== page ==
2. Import the SPAD settings
3. Take the offline backup of production system
4. Take the backup of backSID.log,*.aft and initSID.ora of production and test server
5. Lock users in Test system
6. Take offline backup of test system
7. Open client in test server : SCC4
8. Export the client for profile SAP_USER in test server. Keep test system as target server
SCC8
9. Take the trace of control file on both the Test and production server
10. Stop the SAP instance and sap services
11. Note down the Schema users existing presently in the system.
SQL> select user name from dba_users;
12. Shutdown the database
13. Copy last offline backup log file(*.aft) from production system to test server
14. edit the *.aft log file as per test server
change SID from prdoduction to test server SID, check ORA-HOME directory
15. Now restore the backup
brrestore ±c ±m full ±b XXX.aft
16. Connect to oracle as sqlplus /nolog, connect /as sysdba and type startup Nomount.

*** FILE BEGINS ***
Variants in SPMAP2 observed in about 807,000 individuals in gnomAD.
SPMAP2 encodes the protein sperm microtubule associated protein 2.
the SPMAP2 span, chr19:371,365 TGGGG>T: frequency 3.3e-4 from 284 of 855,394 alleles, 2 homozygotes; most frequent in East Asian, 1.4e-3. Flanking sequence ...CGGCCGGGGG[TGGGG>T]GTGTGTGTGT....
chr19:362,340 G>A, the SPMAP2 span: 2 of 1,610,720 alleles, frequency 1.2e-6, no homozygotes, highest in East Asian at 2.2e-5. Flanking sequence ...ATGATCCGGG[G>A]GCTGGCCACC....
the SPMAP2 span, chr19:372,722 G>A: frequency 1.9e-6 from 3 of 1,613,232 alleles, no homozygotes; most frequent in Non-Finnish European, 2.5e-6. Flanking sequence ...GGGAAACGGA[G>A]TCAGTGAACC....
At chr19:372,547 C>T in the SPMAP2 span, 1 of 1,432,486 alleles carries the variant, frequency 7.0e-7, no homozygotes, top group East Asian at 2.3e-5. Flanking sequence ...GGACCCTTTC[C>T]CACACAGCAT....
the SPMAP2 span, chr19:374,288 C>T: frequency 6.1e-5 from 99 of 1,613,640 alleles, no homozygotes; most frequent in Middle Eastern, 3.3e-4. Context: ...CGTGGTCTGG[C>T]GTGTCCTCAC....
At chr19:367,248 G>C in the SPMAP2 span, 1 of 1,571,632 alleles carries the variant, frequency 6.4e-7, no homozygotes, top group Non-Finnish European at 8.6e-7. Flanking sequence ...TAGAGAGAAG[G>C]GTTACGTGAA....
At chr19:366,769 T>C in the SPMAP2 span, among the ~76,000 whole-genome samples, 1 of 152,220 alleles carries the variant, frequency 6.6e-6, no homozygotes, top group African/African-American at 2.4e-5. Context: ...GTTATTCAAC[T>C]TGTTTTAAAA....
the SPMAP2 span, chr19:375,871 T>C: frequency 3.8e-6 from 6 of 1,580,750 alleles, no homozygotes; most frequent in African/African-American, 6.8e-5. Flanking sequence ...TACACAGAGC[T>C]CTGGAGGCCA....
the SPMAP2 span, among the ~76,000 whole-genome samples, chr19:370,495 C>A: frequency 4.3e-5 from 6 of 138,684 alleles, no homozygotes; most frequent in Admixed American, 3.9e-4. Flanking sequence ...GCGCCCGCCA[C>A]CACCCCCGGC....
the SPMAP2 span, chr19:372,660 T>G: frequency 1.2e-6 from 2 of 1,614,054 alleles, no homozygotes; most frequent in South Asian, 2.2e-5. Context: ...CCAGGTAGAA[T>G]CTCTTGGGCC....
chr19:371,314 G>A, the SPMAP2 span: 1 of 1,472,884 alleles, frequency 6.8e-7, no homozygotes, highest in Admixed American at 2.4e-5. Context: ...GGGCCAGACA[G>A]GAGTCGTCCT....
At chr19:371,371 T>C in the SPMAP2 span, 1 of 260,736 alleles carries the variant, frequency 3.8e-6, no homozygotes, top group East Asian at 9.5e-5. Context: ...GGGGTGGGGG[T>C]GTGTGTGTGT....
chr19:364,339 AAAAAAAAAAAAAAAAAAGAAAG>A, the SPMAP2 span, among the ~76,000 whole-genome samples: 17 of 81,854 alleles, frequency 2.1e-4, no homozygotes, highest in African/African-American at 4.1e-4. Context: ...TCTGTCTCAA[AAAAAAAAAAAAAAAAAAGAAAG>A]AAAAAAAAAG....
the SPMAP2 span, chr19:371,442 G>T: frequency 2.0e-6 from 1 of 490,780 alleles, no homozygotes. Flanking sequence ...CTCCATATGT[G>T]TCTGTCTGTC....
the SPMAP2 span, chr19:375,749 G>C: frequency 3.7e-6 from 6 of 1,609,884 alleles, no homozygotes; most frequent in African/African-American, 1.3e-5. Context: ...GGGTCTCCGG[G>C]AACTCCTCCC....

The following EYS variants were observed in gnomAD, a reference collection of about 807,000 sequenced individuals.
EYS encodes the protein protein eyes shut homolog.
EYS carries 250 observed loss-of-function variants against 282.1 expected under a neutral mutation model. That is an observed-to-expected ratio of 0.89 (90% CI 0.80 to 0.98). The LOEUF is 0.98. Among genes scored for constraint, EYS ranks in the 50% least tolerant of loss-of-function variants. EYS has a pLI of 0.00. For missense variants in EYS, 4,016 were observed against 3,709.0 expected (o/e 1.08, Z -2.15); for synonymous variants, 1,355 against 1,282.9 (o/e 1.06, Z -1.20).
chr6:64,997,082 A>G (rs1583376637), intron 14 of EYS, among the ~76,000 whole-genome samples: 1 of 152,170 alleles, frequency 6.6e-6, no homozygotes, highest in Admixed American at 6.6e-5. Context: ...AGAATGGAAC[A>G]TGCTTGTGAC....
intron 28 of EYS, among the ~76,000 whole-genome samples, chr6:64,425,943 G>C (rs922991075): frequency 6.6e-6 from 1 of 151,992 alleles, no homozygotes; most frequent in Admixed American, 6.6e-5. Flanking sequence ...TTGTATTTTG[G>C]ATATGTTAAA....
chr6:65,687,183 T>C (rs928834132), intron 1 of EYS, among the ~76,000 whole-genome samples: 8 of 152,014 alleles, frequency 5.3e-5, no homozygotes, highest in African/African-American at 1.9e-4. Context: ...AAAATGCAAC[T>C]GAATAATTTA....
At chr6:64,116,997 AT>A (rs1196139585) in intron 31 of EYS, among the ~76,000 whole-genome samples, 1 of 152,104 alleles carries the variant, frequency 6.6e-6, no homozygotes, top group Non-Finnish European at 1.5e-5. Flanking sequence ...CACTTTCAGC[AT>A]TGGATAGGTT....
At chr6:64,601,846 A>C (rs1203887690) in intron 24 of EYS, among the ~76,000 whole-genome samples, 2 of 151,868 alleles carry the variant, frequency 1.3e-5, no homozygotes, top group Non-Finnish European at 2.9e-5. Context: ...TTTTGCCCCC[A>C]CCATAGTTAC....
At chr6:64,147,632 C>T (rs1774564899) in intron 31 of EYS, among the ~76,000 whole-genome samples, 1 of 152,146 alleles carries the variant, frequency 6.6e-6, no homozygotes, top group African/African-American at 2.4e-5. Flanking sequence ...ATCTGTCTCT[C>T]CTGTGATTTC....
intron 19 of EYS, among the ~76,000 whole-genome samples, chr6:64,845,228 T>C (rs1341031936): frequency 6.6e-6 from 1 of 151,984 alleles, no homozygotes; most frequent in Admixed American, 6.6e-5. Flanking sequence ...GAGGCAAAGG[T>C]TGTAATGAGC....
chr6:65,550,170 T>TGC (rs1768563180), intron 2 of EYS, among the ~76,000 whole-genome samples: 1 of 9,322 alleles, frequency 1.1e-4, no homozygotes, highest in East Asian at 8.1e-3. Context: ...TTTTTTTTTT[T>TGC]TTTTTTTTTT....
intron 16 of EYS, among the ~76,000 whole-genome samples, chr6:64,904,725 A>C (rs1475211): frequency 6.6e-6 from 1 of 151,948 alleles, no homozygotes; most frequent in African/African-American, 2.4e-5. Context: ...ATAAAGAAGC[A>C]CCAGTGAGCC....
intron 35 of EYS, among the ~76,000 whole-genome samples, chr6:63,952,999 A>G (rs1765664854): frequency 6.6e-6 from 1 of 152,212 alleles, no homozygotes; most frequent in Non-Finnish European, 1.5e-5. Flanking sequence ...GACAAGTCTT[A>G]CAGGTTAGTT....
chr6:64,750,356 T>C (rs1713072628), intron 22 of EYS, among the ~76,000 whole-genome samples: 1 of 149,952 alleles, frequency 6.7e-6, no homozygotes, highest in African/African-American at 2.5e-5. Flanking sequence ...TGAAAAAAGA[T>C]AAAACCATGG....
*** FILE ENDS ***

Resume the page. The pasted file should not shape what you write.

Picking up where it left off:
17. Edit the controlfile of Prod. Change all production SID to test SID and NORESETLOGS TO RESETLOGS.
17. Use the edited controlfile of Prod to recreate the control file of Test
SQL> @Cntrl.sql
SQL>shutdown immediate;
18. SQL> Alter database open RESETLOGS.
19. Create new OPS$ADM using the below command.
I:\scripts>sqlplus /nolog @ORADBUSER.sql SAPSID NT DOMAIN SID (IF SIDADM is local user then give the host name in the place of
Domain Name)
20. After this run the script sapdba_role to set proper right for OPS$ user IDs.
>sqlplus /nolog @sapdba_role.sql
21. Check whether SAPSR3P (schema owner) account has been locked or not:
select username,account_status from dba_users where username=´SAPPCE´;
22. If it is locked use this command to unlock it:
alter user SAPPCE account unlock;
23. Start the SAP application.
POST Processing Steps:
24. Update the license
Logon to SAP with DDIC-client 000; update the license key through the transaction SLICENSE.
25. check the consistency
Go to transaction SICK for checking the consistency of the system.
26. check the local host entry
Go to transaction SE37 and execute BPT_LOCAL_HOSTNAME_CHECK to check for the hostname entry.